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The right to the unhealthy deprived city: An exploration into the impacts of state-led redevelopment projects on the determinants of mental health

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dc.contributor.author O'Neill, Ella
dc.contributor.author Cole, Helen
dc.contributor.author Garcia Lamarca, Melisa
dc.contributor.author Anguelovski, Isabelle
dc.contributor.author Gullón, Pedro
dc.contributor.author Triguero Mas, Margarita
dc.date.accessioned 2024-04-24T06:59:12Z
dc.date.available 2024-04-24T06:59:12Z
dc.date.issued 2023
dc.identifier.citation O'Neill E, Cole HVS, García-Lamarca M, Anguelovski I, Gullón P, Triguero-Mas M. The right to the unhealthy deprived city: An exploration into the impacts of state-led redevelopment projects on the determinants of mental health. Soc Sci Med. 2023 Feb;318:115634. DOI: 10.1016/j.socscimed.2022.115634
dc.identifier.issn 0277-9536
dc.identifier.uri http://hdl.handle.net/10230/59890
dc.description.abstract Research shows mental health is impacted by poor-quality physical and social-environmental conditions. Subsequently state-led redevelopment/regeneration schemes focus on improving the physical environment, to provide better social-environmental conditions, addressing spatial and socioeconomic inequities thus improving residents' health. However, recent research suggests that redevelopment/regeneration schemes often trigger gentrification, resulting in new spatial and socioeconomic inequalities that may worsen health outcomes, including mental health, for long-term neighborhood residents. Using the right to the city and situating this within the framework of accumulation by dispossession and capitalist hegemony, this paper explores the potential mechanisms in which poor mental health outcomes may endure in neighborhoods despite the implementation of redevelopment/regeneration projects. To do so, we explored two neighborhoods in the city of Glasgow — North Glasgow and East End – and conducted a strong qualitative study based on 25 in-depth semi-structured interviews with key stakeholders. The results show that postindustrial vacant and derelict land spaces and socioeconomic deprivation in North and East Glasgow are potential mechanisms contributing to the poor mental health of its residents. Where redevelopment/regeneration projects prioritize economic goals, it is often at the expense of social(health) outcomes. Instead, economic investment instigates processes of gentrification, where long-term neighborhood residents are excluded from accessing collective urban life and its (health) benefits. Moreover, these residents are continually excluded from participation in decision-making and are unable to shape the urban environment. In summary, we found a number of potential mechanisms that may contribute to enduring poor mental health outcomes despite the existence of redevelopment/regeneration projects. Projects instead have negative consequences for the determinants of mental health, reinforcing existing inequalities, disempowering original long-term neighborhood residents and only providing the “right” to the unhealthy deprived city. We define this as the impossibility to benefit from material opportunities, public spaces, goods and services and the inability to shape city transformations.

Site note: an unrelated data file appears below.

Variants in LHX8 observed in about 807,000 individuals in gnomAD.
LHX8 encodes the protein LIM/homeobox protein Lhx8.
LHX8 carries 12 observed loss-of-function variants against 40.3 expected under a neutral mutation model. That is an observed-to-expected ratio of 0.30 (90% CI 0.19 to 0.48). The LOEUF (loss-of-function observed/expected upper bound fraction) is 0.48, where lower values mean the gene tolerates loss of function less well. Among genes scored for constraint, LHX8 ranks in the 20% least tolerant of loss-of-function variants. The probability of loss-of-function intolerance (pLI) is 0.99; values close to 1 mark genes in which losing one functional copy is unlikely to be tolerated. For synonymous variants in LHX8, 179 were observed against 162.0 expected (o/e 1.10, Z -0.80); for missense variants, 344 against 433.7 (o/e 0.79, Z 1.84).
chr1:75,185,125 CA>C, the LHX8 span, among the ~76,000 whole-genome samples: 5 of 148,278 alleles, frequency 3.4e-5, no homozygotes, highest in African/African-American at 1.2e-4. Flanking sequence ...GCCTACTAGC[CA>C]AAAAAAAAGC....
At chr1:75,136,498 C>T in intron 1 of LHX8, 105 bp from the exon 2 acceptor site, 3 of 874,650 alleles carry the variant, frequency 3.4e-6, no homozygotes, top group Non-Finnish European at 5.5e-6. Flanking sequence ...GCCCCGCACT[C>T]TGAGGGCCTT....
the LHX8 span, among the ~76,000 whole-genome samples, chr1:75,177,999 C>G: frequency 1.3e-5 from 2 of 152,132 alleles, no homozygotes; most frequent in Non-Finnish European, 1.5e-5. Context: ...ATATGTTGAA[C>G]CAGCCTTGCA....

dc.description.sponsorship The research presented in this paper received funding from the European Research Council (ERC) under the European Union's Horizon 2020 research and innovation program [grant agreement No. 678034]. EO is funded by the AGAUR FI scholarship. MGL and HC are funded by Juan de la Cierva fellowships [IJC2020-046064-I, IJC-2018-035322-I] awarded by the Spanish Ministry of Economy and Competitiveness.
dc.format.mimetype application/pdf
dc.language.iso eng
dc.publisher Elsevier
dc.relation.ispartof Soc Sci Med. 2023 Feb;318:115634
dc.rights © 2022 The Authors. Published by Elsevier Ltd. This is an open access article under the CC BY license (http://creativecommons.org/licenses/by/4.0/).
dc.rights.uri http://creativecommons.org/licenses/by/4.0/
dc.title The right to the unhealthy deprived city: An exploration into the impacts of state-led redevelopment projects on the determinants of mental health
dc.type info:eu-repo/semantics/article
dc.identifier.doi http://dx.doi.org/10.1016/j.socscimed.2022.115634
dc.subject.keyword Mental health
dc.subject.keyword Redevelopment
dc.subject.keyword Gentrification
dc.subject.keyword Right to the city
dc.subject.keyword Displacement
dc.subject.keyword Disempowerment
dc.subject.keyword Capitalist hegemony
dc.subject.keyword Accumulation by dispossession
dc.relation.projectID info:eu-repo/grantAgreement/EC/H2020/678034
dc.relation.projectID info:eu-repo/grantAgreement/ES/2PE/IJC2020-046064-I
dc.relation.projectID info:eu-repo/grantAgreement/ES/2PE/IJC-2018-035322-I
dc.rights.accessRights info:eu-repo/semantics/openAccess
dc.type.version info:eu-repo/semantics/publishedVersion


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